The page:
1600- The French and the British were working with the Natives.

Toutatis or Teutates was a Celtic god worshipped in ancient Gaul and Britain. On the basis of his name’s etymology, he has been widely interpreted to be a tribal protector.1 Today, he is best known under the name Toutatis (pronounced [towˈtaːtis] in Gaulish2) through the Gaulish oath/catchphrase “By Toutatis!”, invented for the Asterix comics by Goscinny and Uderzo. The spelling Toutatis, however, is authentic and attested by about ten ancient inscriptions.3 Under the spelling Teutates, the god is also known from a passage in Lucan.

The name “Teutates” is derived from the stem teutā-, meaning “people” or “tribe”, cognate with the Germanic *þeudō.4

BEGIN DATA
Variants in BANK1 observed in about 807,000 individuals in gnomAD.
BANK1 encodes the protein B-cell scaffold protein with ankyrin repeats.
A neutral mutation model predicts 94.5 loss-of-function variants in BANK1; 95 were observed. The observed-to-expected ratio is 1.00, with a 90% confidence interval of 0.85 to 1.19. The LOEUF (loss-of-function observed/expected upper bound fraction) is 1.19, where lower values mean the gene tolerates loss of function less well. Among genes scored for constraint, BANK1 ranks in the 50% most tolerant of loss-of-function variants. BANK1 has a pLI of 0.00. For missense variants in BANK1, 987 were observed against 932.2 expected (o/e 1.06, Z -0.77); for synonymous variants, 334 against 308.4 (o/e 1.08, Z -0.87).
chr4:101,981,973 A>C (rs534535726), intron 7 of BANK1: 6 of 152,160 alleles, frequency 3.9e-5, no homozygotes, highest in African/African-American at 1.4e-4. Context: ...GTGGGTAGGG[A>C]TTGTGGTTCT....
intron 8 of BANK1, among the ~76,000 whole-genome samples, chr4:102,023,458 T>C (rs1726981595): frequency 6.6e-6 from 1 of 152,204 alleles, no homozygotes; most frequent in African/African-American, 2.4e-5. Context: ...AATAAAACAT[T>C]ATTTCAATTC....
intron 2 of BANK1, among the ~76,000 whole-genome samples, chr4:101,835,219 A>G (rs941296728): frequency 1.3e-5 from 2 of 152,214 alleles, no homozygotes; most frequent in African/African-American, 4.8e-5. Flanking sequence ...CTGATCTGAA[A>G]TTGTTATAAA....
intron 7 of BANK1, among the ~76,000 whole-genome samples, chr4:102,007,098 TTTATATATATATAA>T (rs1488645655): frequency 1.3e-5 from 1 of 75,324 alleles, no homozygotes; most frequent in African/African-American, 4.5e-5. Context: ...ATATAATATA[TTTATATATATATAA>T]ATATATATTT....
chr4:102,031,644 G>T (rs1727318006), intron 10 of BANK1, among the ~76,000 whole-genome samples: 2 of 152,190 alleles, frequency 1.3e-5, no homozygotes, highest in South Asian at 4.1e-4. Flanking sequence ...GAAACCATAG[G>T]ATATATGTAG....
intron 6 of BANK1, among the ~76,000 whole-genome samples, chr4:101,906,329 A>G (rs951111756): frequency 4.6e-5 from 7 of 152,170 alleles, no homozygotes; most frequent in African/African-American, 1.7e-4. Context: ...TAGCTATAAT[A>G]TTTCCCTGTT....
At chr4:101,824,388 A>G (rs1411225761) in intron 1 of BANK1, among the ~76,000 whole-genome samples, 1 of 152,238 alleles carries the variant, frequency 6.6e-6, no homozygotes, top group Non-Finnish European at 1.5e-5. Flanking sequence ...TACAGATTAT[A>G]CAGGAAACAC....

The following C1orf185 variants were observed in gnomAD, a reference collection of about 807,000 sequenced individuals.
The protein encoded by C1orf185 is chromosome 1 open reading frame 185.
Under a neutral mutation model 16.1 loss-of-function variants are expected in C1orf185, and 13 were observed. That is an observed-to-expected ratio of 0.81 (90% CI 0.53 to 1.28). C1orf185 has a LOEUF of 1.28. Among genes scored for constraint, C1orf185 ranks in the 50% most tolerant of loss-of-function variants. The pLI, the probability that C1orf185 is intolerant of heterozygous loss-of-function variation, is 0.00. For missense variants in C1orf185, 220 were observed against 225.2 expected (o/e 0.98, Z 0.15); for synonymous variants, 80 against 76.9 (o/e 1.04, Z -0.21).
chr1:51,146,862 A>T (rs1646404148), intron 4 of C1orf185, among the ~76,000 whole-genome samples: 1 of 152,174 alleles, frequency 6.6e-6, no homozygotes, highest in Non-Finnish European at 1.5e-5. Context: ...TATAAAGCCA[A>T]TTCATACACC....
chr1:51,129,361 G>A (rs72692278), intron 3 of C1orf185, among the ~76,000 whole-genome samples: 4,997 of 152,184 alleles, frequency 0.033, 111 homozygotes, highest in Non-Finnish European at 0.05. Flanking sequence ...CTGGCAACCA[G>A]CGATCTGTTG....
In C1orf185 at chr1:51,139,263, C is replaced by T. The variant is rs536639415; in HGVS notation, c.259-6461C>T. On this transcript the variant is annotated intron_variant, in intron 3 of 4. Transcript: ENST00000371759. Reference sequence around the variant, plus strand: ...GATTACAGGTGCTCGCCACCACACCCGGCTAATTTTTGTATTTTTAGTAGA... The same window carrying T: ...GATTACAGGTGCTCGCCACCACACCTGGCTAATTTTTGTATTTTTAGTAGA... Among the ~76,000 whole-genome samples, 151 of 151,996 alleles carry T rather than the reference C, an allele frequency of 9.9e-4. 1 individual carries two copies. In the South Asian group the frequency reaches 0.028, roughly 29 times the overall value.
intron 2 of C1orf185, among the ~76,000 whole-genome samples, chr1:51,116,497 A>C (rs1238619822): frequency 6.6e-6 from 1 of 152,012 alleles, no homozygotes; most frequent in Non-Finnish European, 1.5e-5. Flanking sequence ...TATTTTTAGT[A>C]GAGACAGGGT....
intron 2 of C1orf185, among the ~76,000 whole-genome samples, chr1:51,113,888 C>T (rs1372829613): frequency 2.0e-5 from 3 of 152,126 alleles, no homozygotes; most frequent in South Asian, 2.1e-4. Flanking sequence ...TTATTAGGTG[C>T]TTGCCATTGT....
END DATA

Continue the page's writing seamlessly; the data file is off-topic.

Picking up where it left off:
A large number of Romano-British finger rings inscribed with the name “TOT”, thought to refer to Toutatis, have been found in eastern Britain, the vast majority in Lincolnshire, but some in Bedfordshire, Nottinghamshire and Leicestershire. The distribution of these rings closely matches the territory of the Corieltauvi tribe.7 In 2005 a silver ring inscribed DEO TOTA (“to the god Toutatis”) and [VTERE] FELIX ([use this ring] happily") was discovered at Hockliffe, Bedfordshire. This inscription confirmed that the inscription TOT did indeed refer to the god Toutatis.8

In 2012 a silver ring inscribed “TOT” was found in the area where the Hallaton Treasure had been discovered twelve years earlier. Adam Daubney, an expert on this type of ring, suggests that Hallaton may have been a site of worship of the god Toutatis.9


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